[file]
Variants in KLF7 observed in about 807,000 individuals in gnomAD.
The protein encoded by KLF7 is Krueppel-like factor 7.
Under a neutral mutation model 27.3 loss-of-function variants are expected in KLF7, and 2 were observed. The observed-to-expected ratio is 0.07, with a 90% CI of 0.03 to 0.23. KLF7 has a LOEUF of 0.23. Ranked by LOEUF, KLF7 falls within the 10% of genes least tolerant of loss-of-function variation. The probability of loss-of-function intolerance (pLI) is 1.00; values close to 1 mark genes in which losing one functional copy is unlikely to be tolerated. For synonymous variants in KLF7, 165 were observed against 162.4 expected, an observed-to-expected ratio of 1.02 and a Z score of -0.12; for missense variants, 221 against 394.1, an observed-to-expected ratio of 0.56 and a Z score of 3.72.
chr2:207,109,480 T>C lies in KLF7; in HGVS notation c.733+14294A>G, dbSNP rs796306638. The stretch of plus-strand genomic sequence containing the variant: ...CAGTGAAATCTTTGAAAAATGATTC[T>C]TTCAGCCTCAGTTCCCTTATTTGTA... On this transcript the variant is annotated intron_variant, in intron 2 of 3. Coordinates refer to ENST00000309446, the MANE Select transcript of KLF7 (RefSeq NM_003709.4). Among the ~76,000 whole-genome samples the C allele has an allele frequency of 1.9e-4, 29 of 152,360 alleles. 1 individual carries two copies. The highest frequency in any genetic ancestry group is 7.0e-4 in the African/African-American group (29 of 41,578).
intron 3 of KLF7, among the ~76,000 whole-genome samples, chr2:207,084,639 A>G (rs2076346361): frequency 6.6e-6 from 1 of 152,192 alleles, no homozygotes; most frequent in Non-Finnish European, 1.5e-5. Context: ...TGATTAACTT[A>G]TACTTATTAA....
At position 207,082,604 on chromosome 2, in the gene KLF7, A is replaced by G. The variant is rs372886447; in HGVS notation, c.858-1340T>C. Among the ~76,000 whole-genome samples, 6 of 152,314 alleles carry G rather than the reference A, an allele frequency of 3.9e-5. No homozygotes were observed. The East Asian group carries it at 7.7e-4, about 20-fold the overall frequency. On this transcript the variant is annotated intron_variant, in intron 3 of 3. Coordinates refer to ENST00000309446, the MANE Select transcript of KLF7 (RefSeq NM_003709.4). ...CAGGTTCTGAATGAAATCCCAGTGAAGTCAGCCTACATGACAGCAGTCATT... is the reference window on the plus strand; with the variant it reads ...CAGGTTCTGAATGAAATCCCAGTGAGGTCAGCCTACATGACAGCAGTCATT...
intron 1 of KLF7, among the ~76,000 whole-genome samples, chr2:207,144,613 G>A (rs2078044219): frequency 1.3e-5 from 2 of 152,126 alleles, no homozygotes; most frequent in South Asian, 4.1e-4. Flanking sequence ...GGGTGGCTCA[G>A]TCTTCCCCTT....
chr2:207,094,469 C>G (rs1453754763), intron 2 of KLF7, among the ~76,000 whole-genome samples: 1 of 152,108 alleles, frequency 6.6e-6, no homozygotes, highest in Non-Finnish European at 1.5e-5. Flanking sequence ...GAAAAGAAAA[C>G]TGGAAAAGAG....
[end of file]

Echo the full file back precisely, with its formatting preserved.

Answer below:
Variants in KLF7 observed in about 807,000 individuals in gnomAD.
The protein encoded by KLF7 is Krueppel-like factor 7.
Under a neutral mutation model 27.3 loss-of-function variants are expected in KLF7, and 2 were observed. The observed-to-expected ratio is 0.07, with a 90% CI of 0.03 to 0.23. KLF7 has a LOEUF of 0.23. Ranked by LOEUF, KLF7 falls within the 10% of genes least tolerant of loss-of-function variation. The probability of loss-of-function intolerance (pLI) is 1.00; values close to 1 mark genes in which losing one functional copy is unlikely to be tolerated. For synonymous variants in KLF7, 165 were observed against 162.4 expected, an observed-to-expected ratio of 1.02 and a Z score of -0.12; for missense variants, 221 against 394.1, an observed-to-expected ratio of 0.56 and a Z score of 3.72.
chr2:207,109,480 T>C lies in KLF7; in HGVS notation c.733+14294A>G, dbSNP rs796306638. The stretch of plus-strand genomic sequence containing the variant: ...CAGTGAAATCTTTGAAAAATGATTC[T>C]TTCAGCCTCAGTTCCCTTATTTGTA... On this transcript the variant is annotated intron_variant, in intron 2 of 3. Coordinates refer to ENST00000309446, the MANE Select transcript of KLF7 (RefSeq NM_003709.4). Among the ~76,000 whole-genome samples the C allele has an allele frequency of 1.9e-4, 29 of 152,360 alleles. 1 individual carries two copies. The highest frequency in any genetic ancestry group is 7.0e-4 in the African/African-American group (29 of 41,578).
intron 3 of KLF7, among the ~76,000 whole-genome samples, chr2:207,084,639 A>G (rs2076346361): frequency 6.6e-6 from 1 of 152,192 alleles, no homozygotes; most frequent in Non-Finnish European, 1.5e-5. Context: ...TGATTAACTT[A>G]TACTTATTAA....
At position 207,082,604 on chromosome 2, in the gene KLF7, A is replaced by G. The variant is rs372886447; in HGVS notation, c.858-1340T>C. Among the ~76,000 whole-genome samples, 6 of 152,314 alleles carry G rather than the reference A, an allele frequency of 3.9e-5. No homozygotes were observed. The East Asian group carries it at 7.7e-4, about 20-fold the overall frequency. On this transcript the variant is annotated intron_variant, in intron 3 of 3. Coordinates refer to ENST00000309446, the MANE Select transcript of KLF7 (RefSeq NM_003709.4). ...CAGGTTCTGAATGAAATCCCAGTGAAGTCAGCCTACATGACAGCAGTCATT... is the reference window on the plus strand; with the variant it reads ...CAGGTTCTGAATGAAATCCCAGTGAGGTCAGCCTACATGACAGCAGTCATT...
intron 1 of KLF7, among the ~76,000 whole-genome samples, chr2:207,144,613 G>A (rs2078044219): frequency 1.3e-5 from 2 of 152,126 alleles, no homozygotes; most frequent in South Asian, 4.1e-4. Flanking sequence ...GGGTGGCTCA[G>A]TCTTCCCCTT....
chr2:207,094,469 C>G (rs1453754763), intron 2 of KLF7, among the ~76,000 whole-genome samples: 1 of 152,108 alleles, frequency 6.6e-6, no homozygotes, highest in Non-Finnish European at 1.5e-5. Flanking sequence ...GAAAAGAAAA[C>G]TGGAAAAGAG....